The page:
Places We Love: Noah’s Ark at Kennywood
It is perhaps Kennywood’s most unlikely icon: a tilting, glowing funhouse based on Bible stories. And it’s the only one of its kind left in the world.
Even in an amusement park where history is paramount, Noah’s Ark is unusual. The endurance of the park’s wooden roller coasters makes perfect sense; they’re historical landmarks that still offer a thrill. The continued popularity of the Old Mill isn’t surprising — what adventure seeker doesn’t love spooky stuff and boat rides in the dark?
A tilting, creaking, walk-through funhouse — based, by the way, on the Biblical book of Genesis — hanging around for 86 years and counting? That’s remarkable.
The patent for Noah’s Ark funhouses was issued in 1921, leading to a spate of the attractions (and their signature “twee-twoo” whistle) at parks around the world. The last Ark built, in 1936 by the Philadelphia Toboggan Company, was the one that sits in Kennywood today; more than eight decades later, it is the only Noah’s Ark still in operation. (One other Ark still stands, in Blackpool, England, but it has not been functional since 2008.)
And while a few of the older animals might show their seams — old Noah is looking a little rough around the edges, but to be fair, he’s been at sea for a while — Noah’s Ark is not a museum piece. In fact, it’s been regularly refurbished. The iconic entry whale, with its signature squishy tongue, was added in 1969. A more thorough rebuild occurred in 1996, with some new effects; those were mostly excised (and the whale restored, to an ecstatic reception) in 2016.
“It’s so quirky and unique,” says Nick Paradise, Kennywood’s director of communications. “The park, throughout the decades, has been willing to reinvent it to keep it fresh … it’s constantly evolving, even as the exterior, the headline of Noah’s Ark, stays the same.”
If you ask a dozen Pittsburghers to name their favorite Noah’s Ark moment, you’ll likely get a dozen answers — and they’ll shift generationally. While some components, such as the rattling floorboards, rocking staircases and ark entrance are perennial, a guest born after the millennium might cite the noisy (and, erm, fragrant) hall full of rear-facing animal hindquarters, while a millennial with nostalgia for the ’96 refurbishment could name the short-lived “archeological dig” setup, with a faux-perilous walk over subterranean skeletons. Old-timers might even cite the upward-facing air vents once part of the ride’s promenade — a saucy-for-the-time attempt at creating some Marilyn Monroe-esque billowing skirts.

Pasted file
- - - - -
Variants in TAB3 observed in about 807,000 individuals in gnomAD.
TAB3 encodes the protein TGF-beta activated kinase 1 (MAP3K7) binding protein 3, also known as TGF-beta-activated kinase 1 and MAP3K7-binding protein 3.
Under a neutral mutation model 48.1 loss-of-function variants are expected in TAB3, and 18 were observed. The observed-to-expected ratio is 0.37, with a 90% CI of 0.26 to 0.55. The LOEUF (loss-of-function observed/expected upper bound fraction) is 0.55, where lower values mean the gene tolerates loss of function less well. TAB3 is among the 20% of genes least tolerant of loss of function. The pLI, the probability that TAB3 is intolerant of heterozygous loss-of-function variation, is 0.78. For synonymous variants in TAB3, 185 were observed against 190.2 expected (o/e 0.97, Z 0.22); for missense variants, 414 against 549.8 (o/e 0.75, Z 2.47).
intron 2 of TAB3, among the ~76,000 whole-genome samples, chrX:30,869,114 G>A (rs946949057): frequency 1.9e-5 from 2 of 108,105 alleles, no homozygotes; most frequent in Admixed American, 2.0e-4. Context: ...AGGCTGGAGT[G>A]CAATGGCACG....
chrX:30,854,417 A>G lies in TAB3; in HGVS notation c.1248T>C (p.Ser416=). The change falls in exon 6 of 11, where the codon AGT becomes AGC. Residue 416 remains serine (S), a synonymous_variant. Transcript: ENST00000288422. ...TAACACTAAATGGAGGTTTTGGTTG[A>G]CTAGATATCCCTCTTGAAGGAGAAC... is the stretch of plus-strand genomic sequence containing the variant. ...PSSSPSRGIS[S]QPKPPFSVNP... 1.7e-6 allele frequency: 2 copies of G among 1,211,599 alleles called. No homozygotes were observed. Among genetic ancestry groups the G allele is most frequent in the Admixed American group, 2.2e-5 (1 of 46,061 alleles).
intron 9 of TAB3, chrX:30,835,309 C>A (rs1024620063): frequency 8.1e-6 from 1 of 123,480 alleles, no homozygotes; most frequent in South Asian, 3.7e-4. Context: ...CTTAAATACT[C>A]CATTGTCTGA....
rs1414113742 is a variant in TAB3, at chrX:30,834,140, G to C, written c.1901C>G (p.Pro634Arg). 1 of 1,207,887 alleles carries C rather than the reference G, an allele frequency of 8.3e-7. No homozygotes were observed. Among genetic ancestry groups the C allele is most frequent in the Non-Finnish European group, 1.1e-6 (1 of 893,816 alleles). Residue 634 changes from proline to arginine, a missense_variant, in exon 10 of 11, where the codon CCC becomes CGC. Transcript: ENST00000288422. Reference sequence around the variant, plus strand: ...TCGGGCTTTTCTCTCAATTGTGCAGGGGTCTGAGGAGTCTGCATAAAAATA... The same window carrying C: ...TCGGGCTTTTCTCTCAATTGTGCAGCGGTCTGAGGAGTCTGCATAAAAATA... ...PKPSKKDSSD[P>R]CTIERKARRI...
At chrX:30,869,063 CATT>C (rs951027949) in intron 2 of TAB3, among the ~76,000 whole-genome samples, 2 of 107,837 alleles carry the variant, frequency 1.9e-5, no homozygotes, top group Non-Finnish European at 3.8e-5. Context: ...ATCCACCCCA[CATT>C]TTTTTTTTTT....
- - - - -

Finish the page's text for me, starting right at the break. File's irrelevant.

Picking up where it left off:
Whatever the memory each guest associates with Noah’s Ark, the ride’s popularity hasn’t waned, Paradise says. Only at Kennywood, with its focus on legacy and nostalgia, could such an unusual attraction become a timeless icon.
Behind the Scenes: Due to rotting wood, most of the exterior structure of Noah’s Ark has been completely rebuilt. The mechanics behind the ride, however, have remained largely untouched; the metal arm rocking the boat today is the same one installed in 1936.
While You’re Here: We know you’re going to fill up at the Potato Patch, but save room for dessert. Near Noah’s Ark, you’ll find Pittsburgh favorite Millie’s Homemade Ice Cream in the former Big Dipper Stand.